TU Traditions

The history of TU

The University of Tulsa has its roots in the Presbyterian School for Native American girls, a small boarding school in Muskogee, American Indian Territory, which was founded in 1882. In 1894, at the request of the Synod of Indian Territory, the Board of Home Missions of the Presbyterian Church elevated the academy’s status and chartered it as Henry Kendall College, a name that honored the first general secretary of the Home Missions Board. The first classes in the new college were held on September 12, 1894.

In the years following, financial difficulties prompted school officials to ask the Synod of American Indian Territory to assume control, sell the school’s land and seek a new location. Successfully courted by the business and professional community of Tulsa, which was booming after the discovery of oil at Glenpool, Henry Kendall College moved to Tulsa in 1907, the year of Oklahoma’s statehood. Several years later, a new college, to be named after oilman Robert M. McFarlin, was proposed for the city. Aware that Tulsa was not large enough to support two competing colleges, the Henry Kendall College trustees proposed that the contemplated McFarlin College and Kendall College affiliate under the common name “The University of Tulsa.” A charter for the university was approved on November 9, 1920. By 1928, the articles of incorporation had been amended to create the modern structure as an independent school corporation governed by a self-perpetuating board of trustees.

Today, TU operates as an independent, nondenominational university. A top-rated research institution, the university welcomes students from many different faiths and countries. The TU campus fosters a rich, diverse experience for students and faculty regardless of religious or cultural background through a strong belief in mutual respect and understanding.

McFarlin Library

At the heart of every great academic institution stands its library, and at The University of Tulsa’s iconic McFarlin Library is no exception. As the TU’s Grand Dame since 1929, McFarlin has been the physical and academic center of our beautiful campus. In its 80-year history, McFarlin has bolstered the research of thousands of scholars, informed countless research papers and acquired more than 170,000 rare books, manuscripts and other materials that are held in the university’s special collections. McFarlin stands (left) decorated for the holiday in 1962. Spring azaleas gleam in front of the library (right) in 2019.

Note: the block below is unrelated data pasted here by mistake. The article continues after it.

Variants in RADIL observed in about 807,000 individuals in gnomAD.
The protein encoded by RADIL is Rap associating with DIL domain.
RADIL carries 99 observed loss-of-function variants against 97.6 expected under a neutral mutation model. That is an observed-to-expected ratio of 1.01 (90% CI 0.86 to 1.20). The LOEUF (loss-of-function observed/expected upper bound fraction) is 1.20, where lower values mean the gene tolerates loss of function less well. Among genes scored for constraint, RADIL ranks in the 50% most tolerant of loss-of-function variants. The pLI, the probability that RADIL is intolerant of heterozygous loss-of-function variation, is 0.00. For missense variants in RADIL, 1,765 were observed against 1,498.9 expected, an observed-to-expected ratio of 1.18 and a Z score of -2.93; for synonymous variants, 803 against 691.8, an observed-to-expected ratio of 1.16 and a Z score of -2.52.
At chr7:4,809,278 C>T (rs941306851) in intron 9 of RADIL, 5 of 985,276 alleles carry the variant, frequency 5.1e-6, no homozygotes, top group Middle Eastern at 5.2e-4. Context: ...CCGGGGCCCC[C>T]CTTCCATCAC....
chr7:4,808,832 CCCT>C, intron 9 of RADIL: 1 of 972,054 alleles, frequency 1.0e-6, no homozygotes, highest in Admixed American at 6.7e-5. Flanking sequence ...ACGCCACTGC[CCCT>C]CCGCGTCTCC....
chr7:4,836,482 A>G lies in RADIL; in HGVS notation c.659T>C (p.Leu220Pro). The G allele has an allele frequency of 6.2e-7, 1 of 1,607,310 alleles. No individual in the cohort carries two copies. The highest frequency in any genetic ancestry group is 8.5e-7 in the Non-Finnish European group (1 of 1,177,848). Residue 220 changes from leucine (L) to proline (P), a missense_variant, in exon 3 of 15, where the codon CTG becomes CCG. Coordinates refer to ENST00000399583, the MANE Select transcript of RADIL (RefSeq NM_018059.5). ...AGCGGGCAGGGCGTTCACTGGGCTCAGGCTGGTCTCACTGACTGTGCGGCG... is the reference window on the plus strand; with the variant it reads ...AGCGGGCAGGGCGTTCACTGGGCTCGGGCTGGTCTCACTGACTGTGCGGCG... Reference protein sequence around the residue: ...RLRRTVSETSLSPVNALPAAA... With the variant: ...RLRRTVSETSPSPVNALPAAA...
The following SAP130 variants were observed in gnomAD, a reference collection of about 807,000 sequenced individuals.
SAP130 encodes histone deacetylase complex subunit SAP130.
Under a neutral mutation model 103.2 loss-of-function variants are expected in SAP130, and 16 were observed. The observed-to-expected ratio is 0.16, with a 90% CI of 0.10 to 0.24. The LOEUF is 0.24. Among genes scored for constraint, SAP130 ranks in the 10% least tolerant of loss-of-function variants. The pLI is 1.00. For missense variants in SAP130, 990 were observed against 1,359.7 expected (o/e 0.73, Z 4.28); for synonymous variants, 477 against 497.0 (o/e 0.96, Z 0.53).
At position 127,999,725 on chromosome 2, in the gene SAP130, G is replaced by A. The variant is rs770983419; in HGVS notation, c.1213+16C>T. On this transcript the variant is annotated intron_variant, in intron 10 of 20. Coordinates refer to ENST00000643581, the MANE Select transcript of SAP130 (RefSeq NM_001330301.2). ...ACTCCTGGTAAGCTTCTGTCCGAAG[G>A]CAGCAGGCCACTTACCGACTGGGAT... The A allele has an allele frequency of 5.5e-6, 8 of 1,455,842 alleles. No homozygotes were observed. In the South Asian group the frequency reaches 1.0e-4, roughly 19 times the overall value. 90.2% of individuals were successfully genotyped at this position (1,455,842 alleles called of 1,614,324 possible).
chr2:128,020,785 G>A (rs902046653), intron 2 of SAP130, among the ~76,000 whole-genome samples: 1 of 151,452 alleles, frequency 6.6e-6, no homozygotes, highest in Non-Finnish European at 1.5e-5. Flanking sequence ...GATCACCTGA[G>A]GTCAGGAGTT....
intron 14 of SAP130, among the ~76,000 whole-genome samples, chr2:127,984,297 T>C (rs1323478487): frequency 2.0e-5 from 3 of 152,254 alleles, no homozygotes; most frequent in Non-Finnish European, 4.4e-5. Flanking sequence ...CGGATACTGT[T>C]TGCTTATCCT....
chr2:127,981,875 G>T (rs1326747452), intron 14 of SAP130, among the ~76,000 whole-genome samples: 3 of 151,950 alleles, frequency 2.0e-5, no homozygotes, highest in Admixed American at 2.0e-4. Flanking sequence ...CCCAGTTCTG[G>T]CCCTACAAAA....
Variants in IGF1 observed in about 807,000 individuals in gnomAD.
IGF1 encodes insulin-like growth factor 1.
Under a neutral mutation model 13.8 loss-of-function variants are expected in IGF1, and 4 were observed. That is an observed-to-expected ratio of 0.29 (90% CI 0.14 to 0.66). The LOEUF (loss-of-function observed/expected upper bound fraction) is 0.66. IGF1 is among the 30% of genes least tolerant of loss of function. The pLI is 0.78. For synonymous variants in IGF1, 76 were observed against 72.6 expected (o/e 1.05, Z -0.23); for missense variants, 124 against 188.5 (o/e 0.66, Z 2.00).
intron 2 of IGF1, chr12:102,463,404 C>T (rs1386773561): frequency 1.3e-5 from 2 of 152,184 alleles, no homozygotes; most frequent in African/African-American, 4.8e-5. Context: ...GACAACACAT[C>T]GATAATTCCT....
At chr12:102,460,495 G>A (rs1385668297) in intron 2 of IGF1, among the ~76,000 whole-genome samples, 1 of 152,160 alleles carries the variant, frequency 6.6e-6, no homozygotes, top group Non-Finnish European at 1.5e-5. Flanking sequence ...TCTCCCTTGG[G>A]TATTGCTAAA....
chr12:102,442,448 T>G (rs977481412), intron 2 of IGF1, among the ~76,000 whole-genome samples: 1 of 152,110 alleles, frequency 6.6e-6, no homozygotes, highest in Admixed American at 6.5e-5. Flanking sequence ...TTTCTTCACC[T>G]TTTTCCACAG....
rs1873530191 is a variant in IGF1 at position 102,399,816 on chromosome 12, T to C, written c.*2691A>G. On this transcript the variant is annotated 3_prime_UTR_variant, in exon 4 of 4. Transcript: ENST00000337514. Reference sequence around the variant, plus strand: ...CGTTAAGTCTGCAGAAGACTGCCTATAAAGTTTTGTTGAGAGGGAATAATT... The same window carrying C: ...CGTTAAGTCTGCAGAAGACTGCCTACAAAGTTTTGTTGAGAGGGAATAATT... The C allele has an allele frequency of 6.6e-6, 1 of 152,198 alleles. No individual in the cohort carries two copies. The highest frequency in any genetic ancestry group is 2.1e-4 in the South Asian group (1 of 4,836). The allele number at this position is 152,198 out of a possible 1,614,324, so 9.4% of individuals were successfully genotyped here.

Kendall Bell

Many alumni may remember the Kendall Bell on top of the old Kendall Hall (left) or in front of the Shaw Alumni Center (right). Today, the bell is proudly featured at Bayless Plaza (center) where it permanently lives in all its glory.

Commencement

Commencement is a tradition in which the university president grants degrees to graduating students from all schools, colleges and affiliated institutions. During the graduation ceremony, other outstanding members of the TU community are recognized through the conferring of awards and honorary degrees.

Homecoming Bonfire and Pep Rally

TU Homecoming excitement begins with the annual Pep Rally and Bonfire. The TU band, Sound of the Golden Hurricane, plays and the spirit squad rallies the crowd into a cyclone of support for the big game. Honorees light the bonfire and the evening concludes with a grand fireworks display in TU blue, gold and red.

The ringing of the bell

The ringing of Kendall Bell is one of the oldest traditions at TU, dating back more than half a century. Graduating seniors celebrate their entry into the Alumni Association by ringing the cupola bell after completing the last final exam of their TU careers.

Street painting

A longtime favorite Homecoming tradition at TU is street painting. Campus organizations paint along Case Athletic Complex on East Eighth Street to showcase school spirit through a homecoming theme.

Holi

Holi, an Indian festival of colors, gives students the opportunity to celebrate the end of winter in India and welcome the spring season with Indian food, music, dance, kites and colors.

Springfest

Every year, TU students await one of the largest events on campus, Springfest. The campus-wide celebration generally takes place in the weeks between spring break and finals. The week has a different theme each year and features a concert, free food and tons of fun activities. One year, Imagine Dragons played a sold-out show. Panic! At the Disco, Misterwives and Ben Rector have also taken the stage on campus.

Day of Service

TU Day of Service is a nationwide day of alumni and students volunteering to celebrate the university’s spirit and service in the community. University of Tulsa Alumni Association chapters and clubs partner each year with a philanthropic organization in their community for a day of volunteering.